Will the Syrian revolution win? Will the present offensive lead to the collapse of the regime? Who's to say but there can be no doubt that the uprising has matured and is making every effort to storm the heavens. Even if they don't bring down the regime this time or with this push into Damascus, Syrian Ba'athism will be forever changed, its prestige damaged, its state weakened.

There are those on the left who are blinded by the Assad regime's putative anti-imperialism and "progressive" character. Others who can't see past the fact that the Americans (contra the Russians) are saying things in support of the opposition - or, rather, saying things against Assad w/o supporting the opposition within Syria. Or the fact that the sectarian Gulf monarchies want to see the overthrow of a Shiite dominated regime that has been a thorn in their side. These leftists draw the conclusion that to support the revolution in Syria (or to be making a revolution in Syria) is to be "objectively" in league with imperialism. Of course, the old "objectively" tag was always used by Stalinists to smear opponents of their crappy politics and there is no shortage of that type of politic floating around the left, sadly. But it is worth answering the claim here in brief.

First off, there has never been a modern revolt in which imperialism has not tried to turn it to its advantage. The German Kaiser tried to aid the Irish rebellion against British rule. Did that make the Irish rebellion not worth supporting? Germany sent Lenin and other leading Russian revolutionaries back to Russia through its territories in the hopes of weakening their World War One enemy. The classic film Lawrence of Arabia is precisely about the British using the just discontent amongst the Arab population to help defeat the Ottoman Empire in World War One and replace it with their own, which was then overthrown by the anti-colonial revolts that were supported by the Soviet empire as it tried to weaken their American/British competitors in the region. Imperialism is always maneuvering to its advantage.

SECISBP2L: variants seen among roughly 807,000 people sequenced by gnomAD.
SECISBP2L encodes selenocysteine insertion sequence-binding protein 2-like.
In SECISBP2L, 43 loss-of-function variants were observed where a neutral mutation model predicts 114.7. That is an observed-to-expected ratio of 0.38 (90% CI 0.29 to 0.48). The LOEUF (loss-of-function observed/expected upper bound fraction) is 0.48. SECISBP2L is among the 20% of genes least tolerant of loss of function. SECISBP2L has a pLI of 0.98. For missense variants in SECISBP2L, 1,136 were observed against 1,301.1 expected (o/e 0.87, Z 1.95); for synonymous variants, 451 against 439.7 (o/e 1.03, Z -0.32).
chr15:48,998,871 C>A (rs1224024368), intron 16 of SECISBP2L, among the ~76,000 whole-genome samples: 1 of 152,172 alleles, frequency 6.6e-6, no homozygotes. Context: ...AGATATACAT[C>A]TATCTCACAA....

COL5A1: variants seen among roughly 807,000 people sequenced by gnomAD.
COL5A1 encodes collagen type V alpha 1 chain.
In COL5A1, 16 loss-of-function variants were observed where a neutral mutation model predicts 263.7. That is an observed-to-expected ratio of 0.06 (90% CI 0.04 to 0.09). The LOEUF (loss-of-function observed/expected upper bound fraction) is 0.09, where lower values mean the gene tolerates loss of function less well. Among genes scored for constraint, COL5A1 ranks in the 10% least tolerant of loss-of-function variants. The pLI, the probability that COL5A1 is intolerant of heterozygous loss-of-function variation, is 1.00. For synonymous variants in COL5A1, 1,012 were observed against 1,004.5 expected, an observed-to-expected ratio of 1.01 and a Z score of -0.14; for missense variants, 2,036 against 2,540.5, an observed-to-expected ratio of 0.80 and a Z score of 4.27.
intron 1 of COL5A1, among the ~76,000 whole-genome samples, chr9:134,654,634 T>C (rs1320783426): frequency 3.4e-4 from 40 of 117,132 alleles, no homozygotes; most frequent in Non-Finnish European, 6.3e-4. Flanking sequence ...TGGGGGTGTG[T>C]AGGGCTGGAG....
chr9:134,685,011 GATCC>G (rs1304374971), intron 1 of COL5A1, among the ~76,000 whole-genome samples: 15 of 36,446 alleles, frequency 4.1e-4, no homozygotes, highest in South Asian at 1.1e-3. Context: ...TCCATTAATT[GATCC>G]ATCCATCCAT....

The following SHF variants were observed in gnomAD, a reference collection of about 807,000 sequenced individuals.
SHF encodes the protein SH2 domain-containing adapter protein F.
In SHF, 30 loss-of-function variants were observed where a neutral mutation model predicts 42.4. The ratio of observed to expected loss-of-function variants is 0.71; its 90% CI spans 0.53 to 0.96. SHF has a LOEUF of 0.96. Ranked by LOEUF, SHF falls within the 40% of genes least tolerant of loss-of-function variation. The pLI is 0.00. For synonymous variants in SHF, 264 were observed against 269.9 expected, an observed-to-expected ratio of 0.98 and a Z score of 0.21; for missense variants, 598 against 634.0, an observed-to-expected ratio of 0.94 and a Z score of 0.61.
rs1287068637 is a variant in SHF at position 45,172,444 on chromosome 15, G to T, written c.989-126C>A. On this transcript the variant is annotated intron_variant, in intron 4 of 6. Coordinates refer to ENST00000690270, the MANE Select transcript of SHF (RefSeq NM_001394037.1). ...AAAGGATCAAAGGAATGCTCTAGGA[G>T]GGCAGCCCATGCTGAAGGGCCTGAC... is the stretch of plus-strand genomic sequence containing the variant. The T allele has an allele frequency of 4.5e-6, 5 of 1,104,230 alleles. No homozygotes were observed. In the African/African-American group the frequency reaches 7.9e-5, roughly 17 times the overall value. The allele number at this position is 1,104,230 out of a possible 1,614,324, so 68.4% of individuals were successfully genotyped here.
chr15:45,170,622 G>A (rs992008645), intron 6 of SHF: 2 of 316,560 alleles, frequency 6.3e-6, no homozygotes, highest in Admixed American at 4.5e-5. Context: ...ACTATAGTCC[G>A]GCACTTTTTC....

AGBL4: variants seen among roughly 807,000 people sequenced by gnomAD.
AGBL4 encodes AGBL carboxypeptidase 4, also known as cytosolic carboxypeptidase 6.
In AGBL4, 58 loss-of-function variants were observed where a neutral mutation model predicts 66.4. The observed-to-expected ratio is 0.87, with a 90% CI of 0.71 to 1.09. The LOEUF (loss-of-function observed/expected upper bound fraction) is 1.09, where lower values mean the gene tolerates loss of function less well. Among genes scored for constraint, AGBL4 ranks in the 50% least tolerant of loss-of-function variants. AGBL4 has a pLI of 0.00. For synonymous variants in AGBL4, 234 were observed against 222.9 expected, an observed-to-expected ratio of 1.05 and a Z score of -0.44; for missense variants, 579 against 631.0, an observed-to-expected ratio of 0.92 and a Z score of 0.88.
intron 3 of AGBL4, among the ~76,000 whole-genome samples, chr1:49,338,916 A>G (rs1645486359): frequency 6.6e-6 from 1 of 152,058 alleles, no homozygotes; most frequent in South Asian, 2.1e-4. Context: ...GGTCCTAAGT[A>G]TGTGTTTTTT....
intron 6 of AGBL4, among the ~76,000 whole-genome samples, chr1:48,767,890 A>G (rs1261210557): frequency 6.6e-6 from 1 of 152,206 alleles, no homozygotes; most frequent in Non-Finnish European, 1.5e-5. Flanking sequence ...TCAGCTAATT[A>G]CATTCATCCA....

Does anyone really think that the Russians give a damn about Syrian self-determination - rather than their strategically important Mediterranean naval base in Syria (the only presence that Moscow has in the Middle East)? Or that the Americans care about democracy - as they back the Saudi suppression of the movement in Bahrain?

Whoever thinks that revolutions should wait until the moment in time when imperialism won't try to take advantage of their revolt is telling the oppressed to wait till the Kingdom of Heaven arrives on earth. It will never happen this side of the worldwide destruction of imperialism.

To be frankly honest, I think that half of the problem - besides the nostalgia for a "progressive state" like the former Soviet Union (cough, cough, Gulags, cough cough) - is that the left is infected with xenophobia and Islamophobia. The Syrian revolutionaries say Allahu Akbar and don't sing The Internationale. They want to see revolutions that are steeped in the European Enlightenment tradition and discourse, which sound and look European. Get over it. Marxism has a place in the Arab revolts - and the growing importance of a labour revolt in Egypt's continuing revolutionary process speaks to this - but it won't sound and look like Bastille Day or May Day necessarily. If it is to be a living revolutionary process, it will have to be rooted in the day to day experience and culture of the indigenous populations in the Middle East. As a Marxist, I celebrate that. Ideologies that isolate themselves from the influx of fresh experience and change become dogma - perhaps comforting to repeat to yourself like a rosary in tough times but not much use for changing the world.

Long Live The Syrian Revolution!